Thursday, July 16, 2009

July 4th: Mt Pleasant Independence Day Celebration

Months of work by Jesse V, Dustin B, Griffin W and others to deal with the 9's problems proved successful during Mt Pleasant's Independence Day Celebration.

Check some of the other blog entries and you will see how the three steam cylinders were thoroughly reworked and the drive shaft was repaired and aligned per Lima specifications.

To prove the effectiveness of the repairs several full power runs were performed starting before the curve leading to the North Station. The awaiting passengers on the platform had their fingers plugging their ears as the roaring three truck Shay passed by. The engineer was seen with a big smile and commenting that " has never run this good."

The following series of pictures shows the 9 in various places around the MCRR layout.

Enough pictures of the 9 doing its thing.

The next series of pictures are various coach and caboose scenes.

Three wise men from the shop are hitching a ride on the caboose. Left to right are Elliot H, Mike E, and Dave R. Actually working, with his back to the camera is Steve R.

Lead conductor Daryl is getting ready for the next train's arrival.

These next few pictures were taken on the 2nd and 3rd of July. Hidden from view of the passengers are the hundreds of hours which go into maintaining the tracks, equipment, and grounds in and around the shop.

Did you ever wonder what superheater pipes look like? (Hahaha...did you ever wonder what superheater pipes were? Did you ever hear of superheaters?)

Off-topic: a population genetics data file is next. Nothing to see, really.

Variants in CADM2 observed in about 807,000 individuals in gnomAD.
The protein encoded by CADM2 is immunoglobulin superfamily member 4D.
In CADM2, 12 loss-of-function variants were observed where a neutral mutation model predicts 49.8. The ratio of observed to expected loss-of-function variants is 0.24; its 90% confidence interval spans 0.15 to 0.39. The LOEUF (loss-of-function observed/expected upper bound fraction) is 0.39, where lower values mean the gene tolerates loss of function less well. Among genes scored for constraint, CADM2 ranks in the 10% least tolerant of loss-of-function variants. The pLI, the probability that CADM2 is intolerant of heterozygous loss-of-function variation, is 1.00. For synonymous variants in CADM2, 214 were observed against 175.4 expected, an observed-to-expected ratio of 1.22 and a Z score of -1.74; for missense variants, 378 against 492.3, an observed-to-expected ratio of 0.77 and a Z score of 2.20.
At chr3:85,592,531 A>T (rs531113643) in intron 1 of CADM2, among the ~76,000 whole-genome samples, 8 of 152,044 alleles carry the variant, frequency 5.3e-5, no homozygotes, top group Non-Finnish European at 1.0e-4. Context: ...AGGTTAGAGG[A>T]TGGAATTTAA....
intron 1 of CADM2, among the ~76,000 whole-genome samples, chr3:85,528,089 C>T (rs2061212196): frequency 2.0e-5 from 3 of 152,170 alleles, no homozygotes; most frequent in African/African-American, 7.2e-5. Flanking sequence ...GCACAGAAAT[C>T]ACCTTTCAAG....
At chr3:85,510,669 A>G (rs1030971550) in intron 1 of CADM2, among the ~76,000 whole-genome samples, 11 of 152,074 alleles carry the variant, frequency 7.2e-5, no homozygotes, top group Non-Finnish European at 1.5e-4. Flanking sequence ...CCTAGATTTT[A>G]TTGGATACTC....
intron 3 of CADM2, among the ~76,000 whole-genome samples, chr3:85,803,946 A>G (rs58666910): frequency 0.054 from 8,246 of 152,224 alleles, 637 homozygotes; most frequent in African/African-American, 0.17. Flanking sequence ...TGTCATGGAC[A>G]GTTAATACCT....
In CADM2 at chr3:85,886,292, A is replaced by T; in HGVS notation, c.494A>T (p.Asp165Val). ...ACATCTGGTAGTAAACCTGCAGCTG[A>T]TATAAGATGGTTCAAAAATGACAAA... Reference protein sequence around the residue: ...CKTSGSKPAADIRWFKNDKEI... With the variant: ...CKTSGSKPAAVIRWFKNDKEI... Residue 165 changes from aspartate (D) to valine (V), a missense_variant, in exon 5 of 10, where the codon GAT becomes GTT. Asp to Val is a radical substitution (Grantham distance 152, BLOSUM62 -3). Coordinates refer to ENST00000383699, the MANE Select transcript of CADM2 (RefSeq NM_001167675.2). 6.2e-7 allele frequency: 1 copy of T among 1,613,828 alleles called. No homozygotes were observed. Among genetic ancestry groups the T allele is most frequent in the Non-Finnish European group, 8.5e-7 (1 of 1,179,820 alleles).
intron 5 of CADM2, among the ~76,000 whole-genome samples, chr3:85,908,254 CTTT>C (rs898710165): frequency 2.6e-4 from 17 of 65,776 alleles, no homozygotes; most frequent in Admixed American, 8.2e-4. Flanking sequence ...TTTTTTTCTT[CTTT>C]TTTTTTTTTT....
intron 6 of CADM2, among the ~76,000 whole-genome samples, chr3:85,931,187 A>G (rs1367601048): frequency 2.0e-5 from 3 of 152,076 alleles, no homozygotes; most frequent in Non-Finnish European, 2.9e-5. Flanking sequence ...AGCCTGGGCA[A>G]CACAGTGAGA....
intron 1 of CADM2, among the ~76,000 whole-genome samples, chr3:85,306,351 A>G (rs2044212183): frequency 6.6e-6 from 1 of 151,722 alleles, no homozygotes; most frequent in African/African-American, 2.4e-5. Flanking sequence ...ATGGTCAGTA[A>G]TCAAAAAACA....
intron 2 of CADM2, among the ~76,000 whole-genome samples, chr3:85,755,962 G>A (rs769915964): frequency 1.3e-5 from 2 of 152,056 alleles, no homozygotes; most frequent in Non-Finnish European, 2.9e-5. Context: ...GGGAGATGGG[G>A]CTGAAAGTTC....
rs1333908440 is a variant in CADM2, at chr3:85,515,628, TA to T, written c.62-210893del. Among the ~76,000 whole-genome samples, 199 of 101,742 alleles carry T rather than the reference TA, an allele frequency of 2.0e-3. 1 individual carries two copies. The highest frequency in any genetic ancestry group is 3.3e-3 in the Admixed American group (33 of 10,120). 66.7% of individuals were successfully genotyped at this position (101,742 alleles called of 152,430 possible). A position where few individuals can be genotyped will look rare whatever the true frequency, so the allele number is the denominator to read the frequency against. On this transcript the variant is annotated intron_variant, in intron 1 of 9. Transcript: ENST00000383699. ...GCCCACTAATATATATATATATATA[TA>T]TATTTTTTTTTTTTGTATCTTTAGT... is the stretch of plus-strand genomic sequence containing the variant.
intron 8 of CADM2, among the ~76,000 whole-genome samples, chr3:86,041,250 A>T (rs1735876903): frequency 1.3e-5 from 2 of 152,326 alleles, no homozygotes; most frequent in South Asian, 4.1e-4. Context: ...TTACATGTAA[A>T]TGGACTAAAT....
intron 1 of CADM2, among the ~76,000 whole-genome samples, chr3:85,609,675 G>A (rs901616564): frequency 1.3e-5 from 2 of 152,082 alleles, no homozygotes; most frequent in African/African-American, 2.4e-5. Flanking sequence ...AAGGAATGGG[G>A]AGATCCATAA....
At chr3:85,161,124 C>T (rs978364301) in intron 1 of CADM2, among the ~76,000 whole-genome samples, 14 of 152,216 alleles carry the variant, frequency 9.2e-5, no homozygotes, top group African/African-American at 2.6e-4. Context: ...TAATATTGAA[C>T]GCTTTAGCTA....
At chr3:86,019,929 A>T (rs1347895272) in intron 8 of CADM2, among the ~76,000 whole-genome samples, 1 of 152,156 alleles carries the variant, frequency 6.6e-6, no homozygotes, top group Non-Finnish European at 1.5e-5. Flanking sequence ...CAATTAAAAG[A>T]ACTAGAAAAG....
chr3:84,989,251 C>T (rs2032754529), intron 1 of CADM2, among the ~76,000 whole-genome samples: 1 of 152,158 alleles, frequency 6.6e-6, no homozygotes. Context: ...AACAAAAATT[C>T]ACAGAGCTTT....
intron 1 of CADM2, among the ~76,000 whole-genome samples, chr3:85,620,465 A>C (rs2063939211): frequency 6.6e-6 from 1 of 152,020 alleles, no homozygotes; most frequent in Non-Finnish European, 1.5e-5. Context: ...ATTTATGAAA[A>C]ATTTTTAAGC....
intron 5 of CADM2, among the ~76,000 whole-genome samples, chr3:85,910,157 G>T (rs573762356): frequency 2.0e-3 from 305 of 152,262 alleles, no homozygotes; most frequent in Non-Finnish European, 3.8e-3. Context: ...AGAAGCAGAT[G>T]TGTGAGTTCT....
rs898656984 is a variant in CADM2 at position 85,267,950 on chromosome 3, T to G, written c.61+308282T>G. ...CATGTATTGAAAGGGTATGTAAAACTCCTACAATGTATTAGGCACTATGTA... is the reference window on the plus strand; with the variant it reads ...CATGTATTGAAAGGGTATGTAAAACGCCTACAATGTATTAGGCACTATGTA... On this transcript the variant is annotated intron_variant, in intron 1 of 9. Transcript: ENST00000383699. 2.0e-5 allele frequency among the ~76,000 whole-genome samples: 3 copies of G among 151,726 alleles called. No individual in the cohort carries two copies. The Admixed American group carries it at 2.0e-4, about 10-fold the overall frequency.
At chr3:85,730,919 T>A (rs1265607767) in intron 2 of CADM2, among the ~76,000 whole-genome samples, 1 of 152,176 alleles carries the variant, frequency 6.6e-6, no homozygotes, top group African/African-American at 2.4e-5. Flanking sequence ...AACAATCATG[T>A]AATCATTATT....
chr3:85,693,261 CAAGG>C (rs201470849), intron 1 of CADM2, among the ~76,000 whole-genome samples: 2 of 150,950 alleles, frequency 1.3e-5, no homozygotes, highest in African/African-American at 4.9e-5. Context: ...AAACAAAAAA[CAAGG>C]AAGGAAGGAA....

Part of the 9's seasonal preparation is to hydrostatic check the boiler and associated pipes for leaks. The boiler is filled to the top with water and then pressurized to over 200 PSI. Even the smallest pinhole will manifest itself as a stream of water pouring to the ground.

This year, the superheater pipes were reluctant to seal to their manifold located in the smoke box of the 9. Of course, the leaking superheaters were not the "front row" pipes, but those in the second and third tier which required removal of the properly sealed front row pipes.

(And for those still wanting an answer to the questions posed above, a complete description can be found here at Wikipedia.

Quoting the most pertinent paragraph from the above linked article,
"In locomotive use, by far the most common form of superheater is the fire-tube type. This takes the saturated steam supplied in the dry pipe into a superheater header mounted against the tube sheet in the smokebox. The steam is then passed through a number of superheater elements—long pipes which are placed inside special, widened fire tubes, called flues. Hot combustion gases from the locomotive's fire pass through these flues just like they do the firetubes, and as well as heating the water they also heat the steam inside the superheater elements they flow over. The superheater element doubles back on itself so that the heated steam can return; most do this twice at the fire end and once at the smokebox end, so that the steam travels a distance of four times the header's length while being heated. The superheated steam, at the end of its journey through the elements, passes into a separate compartment of the superheater header and then to the cylinders as normal."

Again, the link to the complete article -- and the above quoted paragraph can be found here.)

Dustin B adjusts the connections to the water tower.

Elliot H waves from atop the water tower before he plunges inside to sweep out rust and other debris which formed through the 2008 operating season.

Pictures courtesy Paul K. and Steam Airman.